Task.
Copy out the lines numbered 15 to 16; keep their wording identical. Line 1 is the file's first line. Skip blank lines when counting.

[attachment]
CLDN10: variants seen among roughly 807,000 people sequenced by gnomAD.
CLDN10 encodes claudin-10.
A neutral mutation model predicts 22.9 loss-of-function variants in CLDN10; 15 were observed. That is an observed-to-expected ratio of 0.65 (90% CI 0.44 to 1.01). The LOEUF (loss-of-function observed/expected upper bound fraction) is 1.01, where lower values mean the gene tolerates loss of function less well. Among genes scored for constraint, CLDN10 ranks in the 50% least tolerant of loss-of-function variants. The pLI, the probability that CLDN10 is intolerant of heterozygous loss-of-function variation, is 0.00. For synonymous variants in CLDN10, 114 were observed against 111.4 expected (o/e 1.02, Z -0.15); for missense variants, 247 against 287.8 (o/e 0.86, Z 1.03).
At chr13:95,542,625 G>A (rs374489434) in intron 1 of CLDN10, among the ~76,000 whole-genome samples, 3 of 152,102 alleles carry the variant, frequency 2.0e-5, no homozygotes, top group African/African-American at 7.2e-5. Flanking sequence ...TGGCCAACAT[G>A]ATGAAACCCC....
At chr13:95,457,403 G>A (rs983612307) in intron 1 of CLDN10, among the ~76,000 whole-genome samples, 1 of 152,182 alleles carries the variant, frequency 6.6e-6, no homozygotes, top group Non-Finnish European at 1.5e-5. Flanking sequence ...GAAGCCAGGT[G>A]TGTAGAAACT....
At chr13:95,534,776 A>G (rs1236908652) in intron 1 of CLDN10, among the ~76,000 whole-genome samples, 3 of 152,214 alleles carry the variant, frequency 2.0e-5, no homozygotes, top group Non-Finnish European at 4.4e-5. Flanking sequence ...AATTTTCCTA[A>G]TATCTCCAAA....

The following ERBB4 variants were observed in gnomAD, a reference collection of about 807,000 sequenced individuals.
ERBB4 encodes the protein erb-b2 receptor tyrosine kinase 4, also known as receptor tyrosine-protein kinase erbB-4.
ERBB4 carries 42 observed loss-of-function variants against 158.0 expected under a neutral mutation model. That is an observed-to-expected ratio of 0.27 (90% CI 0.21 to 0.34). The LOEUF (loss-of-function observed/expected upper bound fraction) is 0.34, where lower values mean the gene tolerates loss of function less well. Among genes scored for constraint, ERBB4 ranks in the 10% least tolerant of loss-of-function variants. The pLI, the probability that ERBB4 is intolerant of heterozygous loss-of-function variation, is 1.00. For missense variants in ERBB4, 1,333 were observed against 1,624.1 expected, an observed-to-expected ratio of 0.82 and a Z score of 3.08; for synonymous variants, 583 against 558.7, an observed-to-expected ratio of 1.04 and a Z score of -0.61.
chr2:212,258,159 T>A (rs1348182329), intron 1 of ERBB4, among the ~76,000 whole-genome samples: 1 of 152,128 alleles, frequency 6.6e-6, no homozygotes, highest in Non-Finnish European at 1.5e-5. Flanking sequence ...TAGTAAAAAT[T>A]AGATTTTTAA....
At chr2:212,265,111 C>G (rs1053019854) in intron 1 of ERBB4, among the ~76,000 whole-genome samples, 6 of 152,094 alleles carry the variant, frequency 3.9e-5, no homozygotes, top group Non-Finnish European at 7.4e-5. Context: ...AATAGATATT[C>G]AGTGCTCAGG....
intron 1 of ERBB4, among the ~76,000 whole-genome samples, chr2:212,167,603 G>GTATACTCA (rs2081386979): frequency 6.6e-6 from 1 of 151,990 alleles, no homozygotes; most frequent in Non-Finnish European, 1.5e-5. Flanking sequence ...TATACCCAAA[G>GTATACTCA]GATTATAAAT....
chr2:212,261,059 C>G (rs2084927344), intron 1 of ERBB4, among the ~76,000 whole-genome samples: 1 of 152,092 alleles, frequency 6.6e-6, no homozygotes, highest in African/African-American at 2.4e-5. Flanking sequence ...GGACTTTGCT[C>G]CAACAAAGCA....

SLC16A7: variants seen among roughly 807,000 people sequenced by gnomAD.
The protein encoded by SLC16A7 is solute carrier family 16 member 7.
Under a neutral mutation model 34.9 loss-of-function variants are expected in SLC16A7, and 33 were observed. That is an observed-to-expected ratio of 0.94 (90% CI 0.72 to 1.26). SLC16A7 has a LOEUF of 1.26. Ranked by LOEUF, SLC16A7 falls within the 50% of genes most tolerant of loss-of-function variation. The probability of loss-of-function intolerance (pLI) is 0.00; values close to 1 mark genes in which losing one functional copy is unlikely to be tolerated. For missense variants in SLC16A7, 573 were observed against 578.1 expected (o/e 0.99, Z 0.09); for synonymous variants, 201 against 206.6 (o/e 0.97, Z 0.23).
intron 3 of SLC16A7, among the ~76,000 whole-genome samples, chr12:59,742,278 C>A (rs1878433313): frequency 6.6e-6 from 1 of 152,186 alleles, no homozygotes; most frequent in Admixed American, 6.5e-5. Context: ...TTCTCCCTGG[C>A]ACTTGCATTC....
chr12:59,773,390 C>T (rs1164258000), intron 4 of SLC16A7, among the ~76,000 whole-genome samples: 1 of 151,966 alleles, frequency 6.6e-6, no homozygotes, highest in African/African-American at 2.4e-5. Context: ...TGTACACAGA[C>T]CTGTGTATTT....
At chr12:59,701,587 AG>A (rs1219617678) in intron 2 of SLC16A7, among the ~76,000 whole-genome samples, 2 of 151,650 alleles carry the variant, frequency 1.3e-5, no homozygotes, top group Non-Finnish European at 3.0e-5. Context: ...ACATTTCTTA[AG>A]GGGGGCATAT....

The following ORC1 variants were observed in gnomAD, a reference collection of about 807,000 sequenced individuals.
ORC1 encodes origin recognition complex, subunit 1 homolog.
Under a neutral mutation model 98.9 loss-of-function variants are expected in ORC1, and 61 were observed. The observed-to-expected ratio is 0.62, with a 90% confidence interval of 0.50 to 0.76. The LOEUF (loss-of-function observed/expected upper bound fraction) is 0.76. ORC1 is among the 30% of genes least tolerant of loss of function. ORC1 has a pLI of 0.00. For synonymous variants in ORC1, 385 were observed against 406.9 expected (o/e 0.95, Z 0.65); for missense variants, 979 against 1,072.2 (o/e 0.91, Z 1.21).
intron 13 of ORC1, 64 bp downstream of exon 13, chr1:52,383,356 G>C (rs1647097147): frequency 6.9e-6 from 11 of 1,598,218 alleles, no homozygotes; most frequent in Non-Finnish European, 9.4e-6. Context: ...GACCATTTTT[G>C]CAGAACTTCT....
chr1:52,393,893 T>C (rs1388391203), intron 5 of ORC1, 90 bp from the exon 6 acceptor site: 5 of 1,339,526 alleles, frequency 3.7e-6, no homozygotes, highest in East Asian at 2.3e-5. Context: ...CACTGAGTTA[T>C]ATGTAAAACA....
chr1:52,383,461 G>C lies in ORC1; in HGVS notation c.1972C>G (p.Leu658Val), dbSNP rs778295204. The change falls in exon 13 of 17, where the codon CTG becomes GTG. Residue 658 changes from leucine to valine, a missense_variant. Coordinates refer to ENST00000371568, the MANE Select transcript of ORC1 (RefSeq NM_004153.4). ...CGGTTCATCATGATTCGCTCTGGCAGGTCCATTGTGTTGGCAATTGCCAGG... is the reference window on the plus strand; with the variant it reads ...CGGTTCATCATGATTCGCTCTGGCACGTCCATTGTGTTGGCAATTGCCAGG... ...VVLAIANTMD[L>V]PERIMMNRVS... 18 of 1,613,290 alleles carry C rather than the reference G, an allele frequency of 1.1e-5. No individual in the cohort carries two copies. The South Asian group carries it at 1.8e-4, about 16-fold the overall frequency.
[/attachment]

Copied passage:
The protein encoded by SLC16A7 is solute carrier family 16 member 7.
Under a neutral mutation model 34.9 loss-of-function variants are expected in SLC16A7, and 33 were observed. That is an observed-to-expected ratio of 0.94 (90% CI 0.72 to 1.26). SLC16A7 has a LOEUF of 1.26. Ranked by LOEUF, SLC16A7 falls within the 50% of genes most tolerant of loss-of-function variation. The probability of loss-of-function intolerance (pLI) is 0.00; values close to 1 mark genes in which losing one functional copy is unlikely to be tolerated. For missense variants in SLC16A7, 573 were observed against 578.1 expected (o/e 0.99, Z 0.09); for synonymous variants, 201 against 206.6 (o/e 0.97, Z 0.23).